MARI and PICASSO
How control reserves on European markets keep the system stable in a cost-effective way
The power system in balance, at the lowest possible cost.
As control area manager, APG is responsible for keeping the grid frequency stable at 50 Hz. For this to succeed, power generation and consumption must be in balance at all times. Fluctuations in consumption or generation that deviate from the schedules (forecasts) must be balanced at short notice. To ensure this, APG procures control reserves through market-based tenders, which can be activated at short notice when necessary. The costs incurred for this must be passed on to groups of grid users or to those causing the deviations, either as part of the system service charge or the balancing energy. Together with European partners, APG has been striving for years to minimize these costs and has also recorded significant successes in this regard. Thanks to the existing co-operations, annual costs were reduced by around 80% to €40 million between 2014 and 2020.
Further innovations and market integration measures aim to reduce costs even further and increase overall welfare, while creating more flexible opportunities for market players to participate in the control reserve market:
- MARI (Manually Activated Reserves Initiative) is the implementation project for the European mFRR platform (Platform for Calling Manually Activated Control Reserve).
- PICASSO (Platform for the International Coordination of Automated Frequency Restoration and Stable System Operation) is the implementation project for the European aFRR platform (platform for the retrieval of automatically activated control reserve).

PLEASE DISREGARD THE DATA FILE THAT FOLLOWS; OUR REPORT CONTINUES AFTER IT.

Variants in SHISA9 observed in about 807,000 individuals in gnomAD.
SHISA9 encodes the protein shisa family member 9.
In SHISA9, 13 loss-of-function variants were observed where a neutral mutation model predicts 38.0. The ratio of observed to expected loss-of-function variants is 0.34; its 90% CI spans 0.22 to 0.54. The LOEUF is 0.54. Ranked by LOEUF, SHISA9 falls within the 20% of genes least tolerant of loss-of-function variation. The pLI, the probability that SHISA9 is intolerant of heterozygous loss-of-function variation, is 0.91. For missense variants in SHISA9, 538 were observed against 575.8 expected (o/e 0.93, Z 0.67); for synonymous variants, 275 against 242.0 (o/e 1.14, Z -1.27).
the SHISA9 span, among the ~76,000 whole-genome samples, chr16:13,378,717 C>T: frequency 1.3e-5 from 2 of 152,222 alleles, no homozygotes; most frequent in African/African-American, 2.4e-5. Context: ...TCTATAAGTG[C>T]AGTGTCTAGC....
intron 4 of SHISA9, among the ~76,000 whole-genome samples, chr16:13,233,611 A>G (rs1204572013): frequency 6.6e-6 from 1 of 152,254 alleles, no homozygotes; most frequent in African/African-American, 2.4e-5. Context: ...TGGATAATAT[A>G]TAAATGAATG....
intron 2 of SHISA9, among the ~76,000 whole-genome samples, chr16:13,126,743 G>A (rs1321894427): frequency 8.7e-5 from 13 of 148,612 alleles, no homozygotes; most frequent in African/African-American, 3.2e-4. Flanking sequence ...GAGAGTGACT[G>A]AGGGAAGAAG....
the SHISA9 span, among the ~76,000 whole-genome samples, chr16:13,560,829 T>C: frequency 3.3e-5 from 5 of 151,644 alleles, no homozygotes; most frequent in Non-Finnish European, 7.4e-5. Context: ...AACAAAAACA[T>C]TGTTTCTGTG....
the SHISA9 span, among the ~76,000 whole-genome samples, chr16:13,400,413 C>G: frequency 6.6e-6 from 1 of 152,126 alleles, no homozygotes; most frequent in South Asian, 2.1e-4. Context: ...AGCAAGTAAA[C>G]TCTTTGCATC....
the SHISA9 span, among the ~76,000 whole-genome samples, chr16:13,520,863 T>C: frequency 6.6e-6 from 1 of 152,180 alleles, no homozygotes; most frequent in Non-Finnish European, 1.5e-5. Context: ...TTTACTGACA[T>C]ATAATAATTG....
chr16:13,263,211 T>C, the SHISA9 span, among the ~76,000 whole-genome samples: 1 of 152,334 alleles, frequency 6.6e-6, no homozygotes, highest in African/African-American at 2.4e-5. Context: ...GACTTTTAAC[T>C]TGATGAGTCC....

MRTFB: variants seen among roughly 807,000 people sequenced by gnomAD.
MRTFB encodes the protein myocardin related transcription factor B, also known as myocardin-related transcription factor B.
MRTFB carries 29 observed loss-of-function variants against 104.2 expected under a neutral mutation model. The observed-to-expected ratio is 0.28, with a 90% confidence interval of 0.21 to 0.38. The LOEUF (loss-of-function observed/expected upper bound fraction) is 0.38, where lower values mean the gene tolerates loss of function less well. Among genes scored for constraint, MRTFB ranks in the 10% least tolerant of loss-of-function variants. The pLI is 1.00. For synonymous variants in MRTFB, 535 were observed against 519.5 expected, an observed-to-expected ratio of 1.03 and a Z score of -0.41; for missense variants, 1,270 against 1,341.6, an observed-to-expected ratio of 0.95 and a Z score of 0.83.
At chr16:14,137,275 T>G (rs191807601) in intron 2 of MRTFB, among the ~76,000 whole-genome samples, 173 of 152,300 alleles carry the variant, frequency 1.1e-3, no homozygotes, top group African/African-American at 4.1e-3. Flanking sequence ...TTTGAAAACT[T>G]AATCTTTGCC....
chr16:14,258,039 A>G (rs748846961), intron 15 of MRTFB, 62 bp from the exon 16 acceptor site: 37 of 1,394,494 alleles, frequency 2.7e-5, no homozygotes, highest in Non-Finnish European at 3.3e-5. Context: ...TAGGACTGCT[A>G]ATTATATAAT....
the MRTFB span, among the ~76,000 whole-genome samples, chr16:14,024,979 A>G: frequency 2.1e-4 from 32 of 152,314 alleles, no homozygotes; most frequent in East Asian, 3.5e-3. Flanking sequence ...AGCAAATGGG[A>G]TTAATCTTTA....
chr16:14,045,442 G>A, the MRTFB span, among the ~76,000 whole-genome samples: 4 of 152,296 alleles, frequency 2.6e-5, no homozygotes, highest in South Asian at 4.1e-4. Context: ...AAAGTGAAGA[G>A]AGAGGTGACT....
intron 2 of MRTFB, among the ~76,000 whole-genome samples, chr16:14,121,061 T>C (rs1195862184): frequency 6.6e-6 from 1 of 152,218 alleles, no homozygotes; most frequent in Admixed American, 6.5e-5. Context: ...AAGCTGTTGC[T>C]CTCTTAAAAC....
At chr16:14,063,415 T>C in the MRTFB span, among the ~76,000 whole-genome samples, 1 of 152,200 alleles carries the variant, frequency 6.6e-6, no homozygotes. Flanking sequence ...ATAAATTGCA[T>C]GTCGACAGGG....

Primary, secondary and tertiary: three types of control reserve
Basically, three types of control reserve can be distinguished: Within a few seconds, frequency deviations can be automatically stabilized with the primary control reserve (Frequency Containment Reserve - FCR). This compensation is achieved through the interconnection of the primary control reserves throughout the entire continental European grid. In contrast, the secondary control reserve (Automatic Frequency Restoration Reserve - aFRR), which is used in the event of longer-lasting deviations, must be kept available in the respective control areas. In order to avoid a prolonged activation of the secondary control reserves, the tertiary control reserve (Manual Frequency Restoration Reserve - mFRR) is used within a quarter of an hour. It must also be kept available in the respective control areas.
The changes in market design, in particular the facilitation of market access for suppliers of control reserves (for example, the possibility of merging small players into virtual power plants) as well as the shortening of intervals towards daily auctions and 4h product time slices and the resulting increase in competition have led to significant cost reductions in recent years. These developments are to be continued on an international level, in the co-operation of European transmission system operators. The European Electricity Balancing Guideline adopted in 2017 describes the target system envisaged for this in the EU. The basic idea is that the more short-term trading is possible and the greater the number of co-operation partners in Europe, the lower the costs. Consequently, the markets for secondary and tertiary control energy, which are limited to control areas, are to be expanded to the European level and the auction intervals shortened to 15 minutes.
Successful start in 2022
At the European level, the aFRR platform PICASSO started its operation in June 2022 with the first TSOs, while the mFRR platform MARI did so in October 2022. APG joined PICASSO on June 22, 2022. In the first six months after APG joined, the Austrian export-import balance is positive. This means that domestic secondary control reserve providers generate more export revenues than import costs incurred by APG. However, the overall cost-reducing or welfare-enhancing effect cannot yet be clearly ascertained due to the sharp rise in electricity prices.
Wagramer Straße 19 (IZD-Tower)
Wagramer Straße 19 (IZD-Tower)